The situation today is not as stark as it was in 1945. The basing of U.S. forces in a country makes the host country’s stability and predictability a U.S. strategic interest, and Polish geography and interests now link to American interests in a relationship that is blossoming from what it was. The United States has felt alienated from Europe because of Europe’s reluctance to fulfill its financial commitments to NATO, and Europe felt alienated from what it saw as American hyper-militarism. Ukraine has generated a shift in Europe that may or may not last. But what will likely last is the presence of American troops in Poland. The U.S. still has troops in Germany more than 30 years after the end of the Cold War. For the Americans, deployments are habit-forming.

Poland’s geography and its memory of the consequences of war bond it with the Americans. The end of the Ukraine war will imprint a model on the U.S. of future threats that aligns with Poland’s own view. Poland is under threat of de facto expulsion from the EU for violating EU judicial standards. That is a minor test of how the European balance of power might shift.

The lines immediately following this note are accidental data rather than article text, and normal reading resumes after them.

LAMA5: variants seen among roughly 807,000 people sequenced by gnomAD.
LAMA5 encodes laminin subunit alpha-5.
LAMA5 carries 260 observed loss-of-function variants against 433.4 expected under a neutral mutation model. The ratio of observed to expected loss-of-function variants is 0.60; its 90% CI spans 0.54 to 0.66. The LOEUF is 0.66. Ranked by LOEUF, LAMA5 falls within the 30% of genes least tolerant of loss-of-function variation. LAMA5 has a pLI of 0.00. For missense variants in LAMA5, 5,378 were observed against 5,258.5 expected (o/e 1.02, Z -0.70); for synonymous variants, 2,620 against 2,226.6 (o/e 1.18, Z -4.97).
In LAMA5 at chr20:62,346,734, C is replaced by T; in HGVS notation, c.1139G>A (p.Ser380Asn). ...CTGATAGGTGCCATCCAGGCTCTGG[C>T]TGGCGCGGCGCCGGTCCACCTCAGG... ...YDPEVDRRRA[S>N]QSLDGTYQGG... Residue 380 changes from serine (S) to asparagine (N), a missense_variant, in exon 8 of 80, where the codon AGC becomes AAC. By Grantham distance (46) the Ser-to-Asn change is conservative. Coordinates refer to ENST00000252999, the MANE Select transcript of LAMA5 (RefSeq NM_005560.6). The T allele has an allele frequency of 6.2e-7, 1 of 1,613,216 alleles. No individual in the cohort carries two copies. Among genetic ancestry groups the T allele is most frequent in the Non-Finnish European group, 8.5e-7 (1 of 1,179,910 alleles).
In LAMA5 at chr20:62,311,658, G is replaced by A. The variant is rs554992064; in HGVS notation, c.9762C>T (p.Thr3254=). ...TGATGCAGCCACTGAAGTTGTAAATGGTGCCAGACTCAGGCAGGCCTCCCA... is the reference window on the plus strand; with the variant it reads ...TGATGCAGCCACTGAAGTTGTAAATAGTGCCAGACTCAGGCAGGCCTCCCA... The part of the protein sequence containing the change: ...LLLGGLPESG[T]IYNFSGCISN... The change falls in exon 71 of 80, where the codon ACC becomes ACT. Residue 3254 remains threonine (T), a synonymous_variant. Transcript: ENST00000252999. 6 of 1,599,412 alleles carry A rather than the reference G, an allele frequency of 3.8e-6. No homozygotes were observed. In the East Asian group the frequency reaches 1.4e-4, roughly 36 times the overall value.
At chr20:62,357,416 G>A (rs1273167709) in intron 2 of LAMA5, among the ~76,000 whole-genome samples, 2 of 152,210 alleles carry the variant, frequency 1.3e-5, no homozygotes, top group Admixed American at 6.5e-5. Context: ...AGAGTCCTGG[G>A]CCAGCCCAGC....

Elsewhere, the Turks have done an interesting thing, sortieing a substantial part of their navy into the Black Sea, where the Russian ship Moskva was sunk. Turkey has kept its distance from much of the Ukraine war, although it made some drones available to Ukrainian forces. Turkey is historically hostile to Russia but lately regards the U.S. as unpredictable. It has balanced carefully there. But the poor performance of Russian forces in Ukraine has likely caused the Turks to reevaluate Russia’s threat. Turkey likely no longer equates Russian and American strength. From Turkey’s point of view, if Russia were able to use its navy to impose itself on the Black Sea while eliminating or forcing Ukrainian forces armed with anti-ship missiles farther away from the coast, this would ease Russian operations in the Black Sea. Such an outcome would also pose a potential threat to Turkey. Turkey is a member of NATO, and Russia may eventually decide Turkey’s fleet is a threat and strike its ships and ports. The Turks have moved into the Black Sea to preempt a Russian move by raising the risks beyond what Russia can incur. At the same time, this will involve a degree of coordination with Ukraine.